Former FBI director James Comey, whose firing is among the things being investigated by the special counsel’s office, said in an op-ed in The Washington Post on Monday that “providing detailed information about a completed investigation of intense public interest has long been a part of Justice Department practice.”
“Every American should want a Justice Department guided first and always by the public interest,” Mr Comey wrote. “Sometimes transparency is not a hard call.”
US secretary of state Mike Pompeo has said he is hopeful Washington will send a delegation to North Korea in the coming weeks, after denuclearisation talks between President Trump and Kim Jong-un in Vietnam last week ended with no agreement.
The leaders’ second summit in Hanoi collapsed without any agreement or immediate plan for a third summit, with Mr Trump suggesting his ex-lawyer Michael Cohen’s testimony before the House Oversight Committee had been a distraction.
“I am hopeful, although I have no commitment yet, that we will be back at it, that I’ll have a team in Pyongyang in the next couple weeks,” Mr Pompeo told the Iowa Farm Bureau.
“I’m continuing to work to find those places where there’s a shared interest.”
Also on the international front, a bipartisan group of politicians have accused Donald Trump of failing to take “meaningful action” on China’s repressive policies towards the Uighur Muslim people of Xinjiang province.
Here’s Jon Sharman.
The president again served McDonald’s Big Macs to a team of elite athletes at the White House last night.
This time the North Dakota State Bison, celebrating their seventh national title in eight years, were the lucky recipients.
The Clemson Tigers were subjected to the same ordeal in January, when the choice of meal was attributed to the record-breaking government shutdown. This time?
“We could have had chefs, we could have, but we got fast food because you know what, I know you people very well,” Mr Trump said.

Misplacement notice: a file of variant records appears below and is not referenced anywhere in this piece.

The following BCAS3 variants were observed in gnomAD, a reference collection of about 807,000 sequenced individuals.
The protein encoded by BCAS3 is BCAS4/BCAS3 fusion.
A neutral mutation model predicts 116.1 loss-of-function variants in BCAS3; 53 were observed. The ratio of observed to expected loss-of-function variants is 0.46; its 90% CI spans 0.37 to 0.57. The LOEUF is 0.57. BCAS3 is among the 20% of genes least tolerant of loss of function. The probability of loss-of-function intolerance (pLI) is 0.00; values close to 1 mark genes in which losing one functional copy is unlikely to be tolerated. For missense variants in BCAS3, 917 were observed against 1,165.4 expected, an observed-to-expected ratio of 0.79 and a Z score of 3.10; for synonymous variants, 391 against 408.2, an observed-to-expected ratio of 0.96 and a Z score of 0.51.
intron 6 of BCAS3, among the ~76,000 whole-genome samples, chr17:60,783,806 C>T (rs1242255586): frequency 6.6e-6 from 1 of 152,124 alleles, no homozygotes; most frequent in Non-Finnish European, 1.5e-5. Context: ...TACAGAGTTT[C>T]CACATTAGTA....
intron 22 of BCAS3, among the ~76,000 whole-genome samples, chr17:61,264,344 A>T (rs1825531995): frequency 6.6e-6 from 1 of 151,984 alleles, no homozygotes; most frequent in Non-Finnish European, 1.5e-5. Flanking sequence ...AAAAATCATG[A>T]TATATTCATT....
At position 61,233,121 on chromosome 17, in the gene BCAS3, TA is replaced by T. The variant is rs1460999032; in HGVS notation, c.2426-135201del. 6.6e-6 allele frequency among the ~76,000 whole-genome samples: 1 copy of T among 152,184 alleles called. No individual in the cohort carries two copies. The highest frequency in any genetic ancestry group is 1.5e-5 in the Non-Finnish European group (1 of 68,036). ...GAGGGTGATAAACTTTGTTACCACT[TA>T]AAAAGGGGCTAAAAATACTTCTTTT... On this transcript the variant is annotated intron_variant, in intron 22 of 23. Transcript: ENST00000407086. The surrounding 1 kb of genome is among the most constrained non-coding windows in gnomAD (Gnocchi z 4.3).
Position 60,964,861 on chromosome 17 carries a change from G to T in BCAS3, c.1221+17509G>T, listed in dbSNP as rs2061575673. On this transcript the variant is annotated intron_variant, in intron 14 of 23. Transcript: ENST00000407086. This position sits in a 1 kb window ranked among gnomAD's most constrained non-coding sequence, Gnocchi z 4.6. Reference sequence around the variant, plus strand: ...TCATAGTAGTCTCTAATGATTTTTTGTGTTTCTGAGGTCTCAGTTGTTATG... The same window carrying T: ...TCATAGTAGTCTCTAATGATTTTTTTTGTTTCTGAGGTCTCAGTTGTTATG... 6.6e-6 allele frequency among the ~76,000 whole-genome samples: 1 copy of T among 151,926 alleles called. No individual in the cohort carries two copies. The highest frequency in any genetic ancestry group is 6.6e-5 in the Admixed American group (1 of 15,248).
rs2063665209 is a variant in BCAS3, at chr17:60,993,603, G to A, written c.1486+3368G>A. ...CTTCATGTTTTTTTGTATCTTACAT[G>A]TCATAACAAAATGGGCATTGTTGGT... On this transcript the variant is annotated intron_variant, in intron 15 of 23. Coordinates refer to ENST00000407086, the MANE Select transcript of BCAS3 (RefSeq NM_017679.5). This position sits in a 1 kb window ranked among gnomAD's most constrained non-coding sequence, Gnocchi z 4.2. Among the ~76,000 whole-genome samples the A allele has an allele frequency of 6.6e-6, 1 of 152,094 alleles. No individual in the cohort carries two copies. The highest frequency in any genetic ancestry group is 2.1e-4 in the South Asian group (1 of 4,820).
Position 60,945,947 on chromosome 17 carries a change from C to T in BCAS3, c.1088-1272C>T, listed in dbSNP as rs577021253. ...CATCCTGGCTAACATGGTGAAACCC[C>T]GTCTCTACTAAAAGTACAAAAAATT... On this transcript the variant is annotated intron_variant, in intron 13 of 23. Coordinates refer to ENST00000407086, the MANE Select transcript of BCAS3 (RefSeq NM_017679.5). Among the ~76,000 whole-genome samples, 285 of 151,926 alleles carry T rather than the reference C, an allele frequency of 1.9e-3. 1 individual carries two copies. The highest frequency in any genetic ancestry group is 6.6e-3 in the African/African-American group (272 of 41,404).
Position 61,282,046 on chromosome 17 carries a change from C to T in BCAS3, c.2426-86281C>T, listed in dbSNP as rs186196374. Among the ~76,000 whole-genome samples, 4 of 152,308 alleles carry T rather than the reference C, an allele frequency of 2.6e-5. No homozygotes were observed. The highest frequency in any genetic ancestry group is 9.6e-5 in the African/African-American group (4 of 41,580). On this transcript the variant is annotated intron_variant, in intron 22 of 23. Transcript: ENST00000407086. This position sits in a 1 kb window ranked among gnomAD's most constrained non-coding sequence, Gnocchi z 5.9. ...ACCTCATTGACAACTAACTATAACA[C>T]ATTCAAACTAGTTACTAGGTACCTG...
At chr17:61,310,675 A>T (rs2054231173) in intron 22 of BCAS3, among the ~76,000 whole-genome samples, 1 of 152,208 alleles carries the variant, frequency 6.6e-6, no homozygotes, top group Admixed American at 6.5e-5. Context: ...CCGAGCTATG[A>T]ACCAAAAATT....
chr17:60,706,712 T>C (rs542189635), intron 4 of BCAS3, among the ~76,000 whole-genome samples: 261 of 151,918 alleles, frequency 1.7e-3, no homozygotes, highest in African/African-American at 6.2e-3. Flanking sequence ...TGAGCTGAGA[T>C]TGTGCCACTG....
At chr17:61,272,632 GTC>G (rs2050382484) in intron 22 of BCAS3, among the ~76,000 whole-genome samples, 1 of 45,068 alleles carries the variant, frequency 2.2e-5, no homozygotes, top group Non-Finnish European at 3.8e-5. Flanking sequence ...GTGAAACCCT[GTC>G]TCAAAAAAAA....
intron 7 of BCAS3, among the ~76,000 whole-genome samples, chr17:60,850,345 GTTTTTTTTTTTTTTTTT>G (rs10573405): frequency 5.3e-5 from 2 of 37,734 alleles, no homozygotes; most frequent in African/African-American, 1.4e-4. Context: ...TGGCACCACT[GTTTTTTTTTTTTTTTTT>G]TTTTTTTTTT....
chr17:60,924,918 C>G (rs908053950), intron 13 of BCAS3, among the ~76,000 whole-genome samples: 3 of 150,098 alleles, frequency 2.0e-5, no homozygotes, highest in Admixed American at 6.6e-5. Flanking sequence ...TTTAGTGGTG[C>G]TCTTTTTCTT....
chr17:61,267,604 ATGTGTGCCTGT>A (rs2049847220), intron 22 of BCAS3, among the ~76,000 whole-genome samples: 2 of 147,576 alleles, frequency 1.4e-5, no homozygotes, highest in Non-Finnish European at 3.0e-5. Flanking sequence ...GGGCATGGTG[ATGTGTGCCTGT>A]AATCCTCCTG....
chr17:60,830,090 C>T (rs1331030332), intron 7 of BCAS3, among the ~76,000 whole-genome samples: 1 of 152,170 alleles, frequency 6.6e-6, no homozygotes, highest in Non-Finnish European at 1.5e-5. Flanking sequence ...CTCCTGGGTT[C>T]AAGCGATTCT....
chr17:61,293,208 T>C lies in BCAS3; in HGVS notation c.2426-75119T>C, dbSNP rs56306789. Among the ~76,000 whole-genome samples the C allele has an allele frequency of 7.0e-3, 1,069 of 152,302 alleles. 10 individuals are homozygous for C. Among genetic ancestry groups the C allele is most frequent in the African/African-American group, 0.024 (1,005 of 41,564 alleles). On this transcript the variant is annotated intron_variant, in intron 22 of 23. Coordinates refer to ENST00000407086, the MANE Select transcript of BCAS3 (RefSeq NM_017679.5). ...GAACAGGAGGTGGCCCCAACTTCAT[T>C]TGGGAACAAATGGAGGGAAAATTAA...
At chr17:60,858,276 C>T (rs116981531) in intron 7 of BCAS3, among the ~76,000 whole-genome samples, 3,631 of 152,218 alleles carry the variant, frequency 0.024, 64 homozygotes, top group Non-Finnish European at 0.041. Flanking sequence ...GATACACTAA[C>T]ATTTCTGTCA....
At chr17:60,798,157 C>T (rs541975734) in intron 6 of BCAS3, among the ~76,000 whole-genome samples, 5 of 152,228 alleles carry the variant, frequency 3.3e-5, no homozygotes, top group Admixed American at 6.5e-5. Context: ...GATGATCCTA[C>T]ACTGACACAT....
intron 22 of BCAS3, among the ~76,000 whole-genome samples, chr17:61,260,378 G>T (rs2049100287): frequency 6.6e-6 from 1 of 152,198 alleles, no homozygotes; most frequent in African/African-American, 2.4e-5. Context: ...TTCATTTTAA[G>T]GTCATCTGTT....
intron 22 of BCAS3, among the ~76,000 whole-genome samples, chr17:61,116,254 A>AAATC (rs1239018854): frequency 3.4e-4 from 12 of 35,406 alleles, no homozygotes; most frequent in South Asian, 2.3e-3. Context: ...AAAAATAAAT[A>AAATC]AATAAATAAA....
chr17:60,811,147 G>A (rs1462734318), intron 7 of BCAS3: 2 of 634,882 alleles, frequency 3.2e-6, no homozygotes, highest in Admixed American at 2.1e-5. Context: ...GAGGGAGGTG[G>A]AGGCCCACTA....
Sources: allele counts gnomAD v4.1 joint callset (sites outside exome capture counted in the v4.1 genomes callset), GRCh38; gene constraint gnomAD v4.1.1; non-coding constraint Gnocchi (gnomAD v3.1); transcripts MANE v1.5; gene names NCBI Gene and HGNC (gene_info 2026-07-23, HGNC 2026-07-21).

One name missing from the House Judiciary Committee’s round-up of the usual suspects is that of Ivanka Trump.
But chairman Jerrold Nadler has told Erin Burnett on CNN’s OutFront she could “quite conceivably” be hearing from his team as her brothers and husband have.
“I’m not going to answer why any particular person is or isn’t on it. We think that anybody on it has information of use to the committee in establishing things,” he said.
“She’s not on the initial list. That’s all we can say.”
He added that there are going to be more document requests and that “there may or may not be more people.”
Magnificently-mustachioed former Trump White House lawyer Ty Cobb has broken ranks to tell ABC News’s podcast The Investigation he considers FBI special counsel Robert Mueller “an American hero”.
“Even though he came from an, arguably, privileged background, he has a backbone of steel. He walked into a firefight in Vietnam to pull out one of his injured colleagues and was appropriately honored for that. I’ve known him for 30 years as a prosecutor and a friend. And I think the world of Bob Mueller. He is a very deliberate guy. But he’s also a class act. And a very justice-oriented person.”
“I don’t feel the investigation is a witch hunt,” he added, saying he believes Mr Mueller, “has already revealed the bulk of the findings that the investigation will produce through the sentencing memos and ‘speaking indictments’ issued against a group of 34 defendants that include Russian hackers and the former Trump campaign chairman Paul Manafort”.
But Mr Cobb warned the president to buckle his seatbelt for a bumpy ride in Congress: “All these people are hell bent on issuing a lot of subpoenas to get to the administration and perpetuate this investigation.”
House speaker Nancy Pelosi is in Texas this morning and had some tough, even Churchillian words for reporters on the border wall and the president’s national emergency declaration.
“We’ll fight him in the Congress, we’ll fight him in the courts and we’ll fight him in the court of public opinion… What he’s doing is wrong and the Republicans know it,” she told CNN.
Meanwhile Senate majority leader Mitch McConnell has given his forecast of the Democrats’ disapproval resolution, which will soon face the Senate after being voted through the House. The prognosis is not good for Mr T.
“I think what is clear in the Senate is that there will be enough votes to pass the resolution of disapproval, which will then be vetoed by the president, and then in all likelihood the veto will be upheld in the House,” Mr McConnell said.
Those remarks were put to Ms Pelosi, who said: “Hopefully the president won’t veto it… Or maybe he’ll just withdraw it, as some of his Republican… the Republican senators are asking him to do because they know that it undermines the Constitution of the United States.”
“[He is] asking us to ignore the oath of office that we take to protect and defend the Constitution by this declaration,” she said.
Please allow a moment for our live blog to load
We’ll tell you what’s true. You can form your own view.
At The Independent, no one tells us what to write. That’s why, in an era of political lies and Brexit bias, more readers are turning to an independent source. Subscribe from just 15p a day for extra exclusives, events and ebooks – all with no ads.